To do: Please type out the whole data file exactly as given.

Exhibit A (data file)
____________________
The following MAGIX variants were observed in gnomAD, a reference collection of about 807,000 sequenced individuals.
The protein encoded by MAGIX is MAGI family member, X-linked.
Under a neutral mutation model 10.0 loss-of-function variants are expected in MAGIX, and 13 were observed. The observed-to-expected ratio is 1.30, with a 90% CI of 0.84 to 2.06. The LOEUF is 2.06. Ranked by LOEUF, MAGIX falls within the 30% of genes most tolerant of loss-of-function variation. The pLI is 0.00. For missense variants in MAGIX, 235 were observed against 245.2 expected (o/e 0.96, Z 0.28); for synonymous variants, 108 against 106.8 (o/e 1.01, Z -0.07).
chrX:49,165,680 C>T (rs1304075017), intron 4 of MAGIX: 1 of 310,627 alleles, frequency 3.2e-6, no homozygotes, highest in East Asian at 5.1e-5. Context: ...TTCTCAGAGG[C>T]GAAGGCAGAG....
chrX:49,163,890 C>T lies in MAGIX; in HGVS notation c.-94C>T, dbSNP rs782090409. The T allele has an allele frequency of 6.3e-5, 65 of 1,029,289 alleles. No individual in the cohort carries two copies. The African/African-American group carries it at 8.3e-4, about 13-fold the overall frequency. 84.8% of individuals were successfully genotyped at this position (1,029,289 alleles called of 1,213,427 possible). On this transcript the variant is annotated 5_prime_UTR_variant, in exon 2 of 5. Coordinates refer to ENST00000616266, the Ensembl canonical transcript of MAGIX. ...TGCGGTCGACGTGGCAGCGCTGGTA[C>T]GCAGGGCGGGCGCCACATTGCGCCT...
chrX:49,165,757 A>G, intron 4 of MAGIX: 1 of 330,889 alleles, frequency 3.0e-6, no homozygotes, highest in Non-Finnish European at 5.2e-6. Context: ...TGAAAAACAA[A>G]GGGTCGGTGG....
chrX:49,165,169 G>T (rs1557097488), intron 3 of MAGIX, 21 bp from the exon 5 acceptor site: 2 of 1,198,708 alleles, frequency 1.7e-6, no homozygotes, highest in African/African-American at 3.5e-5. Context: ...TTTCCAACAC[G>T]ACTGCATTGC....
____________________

The following MAGIX variants were observed in gnomAD, a reference collection of about 807,000 sequenced individuals.
The protein encoded by MAGIX is MAGI family member, X-linked.
Under a neutral mutation model 10.0 loss-of-function variants are expected in MAGIX, and 13 were observed. The observed-to-expected ratio is 1.30, with a 90% CI of 0.84 to 2.06. The LOEUF is 2.06. Ranked by LOEUF, MAGIX falls within the 30% of genes most tolerant of loss-of-function variation. The pLI is 0.00. For missense variants in MAGIX, 235 were observed against 245.2 expected (o/e 0.96, Z 0.28); for synonymous variants, 108 against 106.8 (o/e 1.01, Z -0.07).
chrX:49,165,680 C>T (rs1304075017), intron 4 of MAGIX: 1 of 310,627 alleles, frequency 3.2e-6, no homozygotes, highest in East Asian at 5.1e-5. Context: ...TTCTCAGAGG[C>T]GAAGGCAGAG....
chrX:49,163,890 C>T lies in MAGIX; in HGVS notation c.-94C>T, dbSNP rs782090409. The T allele has an allele frequency of 6.3e-5, 65 of 1,029,289 alleles. No individual in the cohort carries two copies. The African/African-American group carries it at 8.3e-4, about 13-fold the overall frequency. 84.8% of individuals were successfully genotyped at this position (1,029,289 alleles called of 1,213,427 possible). On this transcript the variant is annotated 5_prime_UTR_variant, in exon 2 of 5. Coordinates refer to ENST00000616266, the Ensembl canonical transcript of MAGIX. ...TGCGGTCGACGTGGCAGCGCTGGTA[C>T]GCAGGGCGGGCGCCACATTGCGCCT...
chrX:49,165,757 A>G, intron 4 of MAGIX: 1 of 330,889 alleles, frequency 3.0e-6, no homozygotes, highest in Non-Finnish European at 5.2e-6. Context: ...TGAAAAACAA[A>G]GGGTCGGTGG....
chrX:49,165,169 G>T (rs1557097488), intron 3 of MAGIX, 21 bp from the exon 5 acceptor site: 2 of 1,198,708 alleles, frequency 1.7e-6, no homozygotes, highest in African/African-American at 3.5e-5. Context: ...TTTCCAACAC[G>T]ACTGCATTGC....